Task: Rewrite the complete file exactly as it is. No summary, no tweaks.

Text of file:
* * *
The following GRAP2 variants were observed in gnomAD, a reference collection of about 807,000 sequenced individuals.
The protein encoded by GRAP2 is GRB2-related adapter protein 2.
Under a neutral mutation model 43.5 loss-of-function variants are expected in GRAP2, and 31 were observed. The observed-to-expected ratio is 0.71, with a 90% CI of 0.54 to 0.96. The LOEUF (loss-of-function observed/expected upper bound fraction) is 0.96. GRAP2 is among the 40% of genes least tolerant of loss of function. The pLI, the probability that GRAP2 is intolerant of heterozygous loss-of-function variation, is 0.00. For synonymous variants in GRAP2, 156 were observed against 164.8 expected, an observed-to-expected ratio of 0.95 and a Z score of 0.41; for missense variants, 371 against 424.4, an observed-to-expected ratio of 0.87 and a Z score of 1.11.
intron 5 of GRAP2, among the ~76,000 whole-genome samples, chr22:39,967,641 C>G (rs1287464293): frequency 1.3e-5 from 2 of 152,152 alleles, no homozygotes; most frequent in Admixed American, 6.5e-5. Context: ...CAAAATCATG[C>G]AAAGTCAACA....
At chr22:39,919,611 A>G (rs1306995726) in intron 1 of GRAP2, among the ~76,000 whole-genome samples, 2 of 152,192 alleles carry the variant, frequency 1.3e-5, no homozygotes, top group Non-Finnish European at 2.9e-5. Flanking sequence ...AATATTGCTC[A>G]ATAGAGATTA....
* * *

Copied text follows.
The following GRAP2 variants were observed in gnomAD, a reference collection of about 807,000 sequenced individuals.
The protein encoded by GRAP2 is GRB2-related adapter protein 2.
Under a neutral mutation model 43.5 loss-of-function variants are expected in GRAP2, and 31 were observed. The observed-to-expected ratio is 0.71, with a 90% CI of 0.54 to 0.96. The LOEUF (loss-of-function observed/expected upper bound fraction) is 0.96. GRAP2 is among the 40% of genes least tolerant of loss of function. The pLI, the probability that GRAP2 is intolerant of heterozygous loss-of-function variation, is 0.00. For synonymous variants in GRAP2, 156 were observed against 164.8 expected, an observed-to-expected ratio of 0.95 and a Z score of 0.41; for missense variants, 371 against 424.4, an observed-to-expected ratio of 0.87 and a Z score of 1.11.
intron 5 of GRAP2, among the ~76,000 whole-genome samples, chr22:39,967,641 C>G (rs1287464293): frequency 1.3e-5 from 2 of 152,152 alleles, no homozygotes; most frequent in Admixed American, 6.5e-5. Context: ...CAAAATCATG[C>G]AAAGTCAACA....
At chr22:39,919,611 A>G (rs1306995726) in intron 1 of GRAP2, among the ~76,000 whole-genome samples, 2 of 152,192 alleles carry the variant, frequency 1.3e-5, no homozygotes, top group Non-Finnish European at 2.9e-5. Flanking sequence ...AATATTGCTC[A>G]ATAGAGATTA....